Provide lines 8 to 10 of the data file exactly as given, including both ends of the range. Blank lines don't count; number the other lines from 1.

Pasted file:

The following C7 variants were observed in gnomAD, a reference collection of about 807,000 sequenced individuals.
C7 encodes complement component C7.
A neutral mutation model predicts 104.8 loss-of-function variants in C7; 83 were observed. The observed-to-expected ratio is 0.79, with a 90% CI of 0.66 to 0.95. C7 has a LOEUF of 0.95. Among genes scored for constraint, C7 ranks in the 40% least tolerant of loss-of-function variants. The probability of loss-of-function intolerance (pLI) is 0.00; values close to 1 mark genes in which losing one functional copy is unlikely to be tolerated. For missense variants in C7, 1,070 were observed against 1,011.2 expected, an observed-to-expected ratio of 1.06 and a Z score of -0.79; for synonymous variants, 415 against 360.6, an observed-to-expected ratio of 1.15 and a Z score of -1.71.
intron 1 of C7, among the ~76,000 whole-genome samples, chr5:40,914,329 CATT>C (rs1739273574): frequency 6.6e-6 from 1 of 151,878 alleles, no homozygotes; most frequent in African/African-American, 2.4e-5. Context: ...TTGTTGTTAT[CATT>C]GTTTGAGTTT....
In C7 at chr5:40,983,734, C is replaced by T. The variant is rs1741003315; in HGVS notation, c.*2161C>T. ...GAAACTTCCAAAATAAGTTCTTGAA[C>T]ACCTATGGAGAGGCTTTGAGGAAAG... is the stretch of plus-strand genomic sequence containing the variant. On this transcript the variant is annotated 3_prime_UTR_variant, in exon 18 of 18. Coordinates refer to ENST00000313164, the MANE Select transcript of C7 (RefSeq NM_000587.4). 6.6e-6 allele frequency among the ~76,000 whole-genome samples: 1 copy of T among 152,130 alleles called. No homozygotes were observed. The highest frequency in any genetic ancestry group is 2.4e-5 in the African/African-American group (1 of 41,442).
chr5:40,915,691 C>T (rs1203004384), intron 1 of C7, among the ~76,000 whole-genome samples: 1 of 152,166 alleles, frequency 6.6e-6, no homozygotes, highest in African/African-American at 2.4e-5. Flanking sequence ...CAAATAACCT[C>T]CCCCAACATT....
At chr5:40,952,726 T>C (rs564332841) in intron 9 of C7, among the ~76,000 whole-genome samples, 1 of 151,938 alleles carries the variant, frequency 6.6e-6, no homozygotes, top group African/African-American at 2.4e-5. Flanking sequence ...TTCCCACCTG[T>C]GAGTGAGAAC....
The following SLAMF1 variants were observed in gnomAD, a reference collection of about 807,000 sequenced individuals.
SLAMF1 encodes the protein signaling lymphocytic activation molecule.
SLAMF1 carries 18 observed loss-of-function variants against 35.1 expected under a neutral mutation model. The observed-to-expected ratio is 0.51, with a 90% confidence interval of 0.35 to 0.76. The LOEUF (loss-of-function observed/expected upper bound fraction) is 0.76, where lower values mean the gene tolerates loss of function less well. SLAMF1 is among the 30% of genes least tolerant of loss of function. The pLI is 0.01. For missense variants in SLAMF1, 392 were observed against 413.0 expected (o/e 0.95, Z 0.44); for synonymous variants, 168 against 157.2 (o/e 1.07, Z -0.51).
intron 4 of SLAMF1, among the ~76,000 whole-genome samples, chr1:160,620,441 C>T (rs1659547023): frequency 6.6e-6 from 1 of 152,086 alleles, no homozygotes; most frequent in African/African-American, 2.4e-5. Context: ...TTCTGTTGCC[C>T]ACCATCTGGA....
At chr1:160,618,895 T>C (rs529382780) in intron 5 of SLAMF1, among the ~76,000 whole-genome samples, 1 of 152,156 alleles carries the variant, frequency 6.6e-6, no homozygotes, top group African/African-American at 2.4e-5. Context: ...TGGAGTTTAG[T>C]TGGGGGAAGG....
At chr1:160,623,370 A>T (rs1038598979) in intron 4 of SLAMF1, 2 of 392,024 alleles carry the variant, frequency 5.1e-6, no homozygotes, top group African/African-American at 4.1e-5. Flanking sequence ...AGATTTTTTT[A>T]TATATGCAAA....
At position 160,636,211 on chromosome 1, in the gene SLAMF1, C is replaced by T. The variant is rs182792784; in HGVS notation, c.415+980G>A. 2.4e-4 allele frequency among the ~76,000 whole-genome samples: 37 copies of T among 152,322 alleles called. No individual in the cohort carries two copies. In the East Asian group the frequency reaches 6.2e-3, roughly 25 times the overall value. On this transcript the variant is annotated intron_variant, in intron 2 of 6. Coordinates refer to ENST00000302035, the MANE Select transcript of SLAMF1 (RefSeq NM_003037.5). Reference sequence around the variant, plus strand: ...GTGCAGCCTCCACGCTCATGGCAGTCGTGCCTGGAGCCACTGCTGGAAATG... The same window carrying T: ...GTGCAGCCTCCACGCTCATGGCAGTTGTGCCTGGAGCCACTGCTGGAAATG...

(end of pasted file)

The following SLAMF1 variants were observed in gnomAD, a reference collection of about 807,000 sequenced individuals.
SLAMF1 encodes the protein signaling lymphocytic activation molecule.
SLAMF1 carries 18 observed loss-of-function variants against 35.1 expected under a neutral mutation model. The observed-to-expected ratio is 0.51, with a 90% confidence interval of 0.35 to 0.76. The LOEUF (loss-of-function observed/expected upper bound fraction) is 0.76, where lower values mean the gene tolerates loss of function less well. SLAMF1 is among the 30% of genes least tolerant of loss of function. The pLI is 0.01. For missense variants in SLAMF1, 392 were observed against 413.0 expected (o/e 0.95, Z 0.44); for synonymous variants, 168 against 157.2 (o/e 1.07, Z -0.51).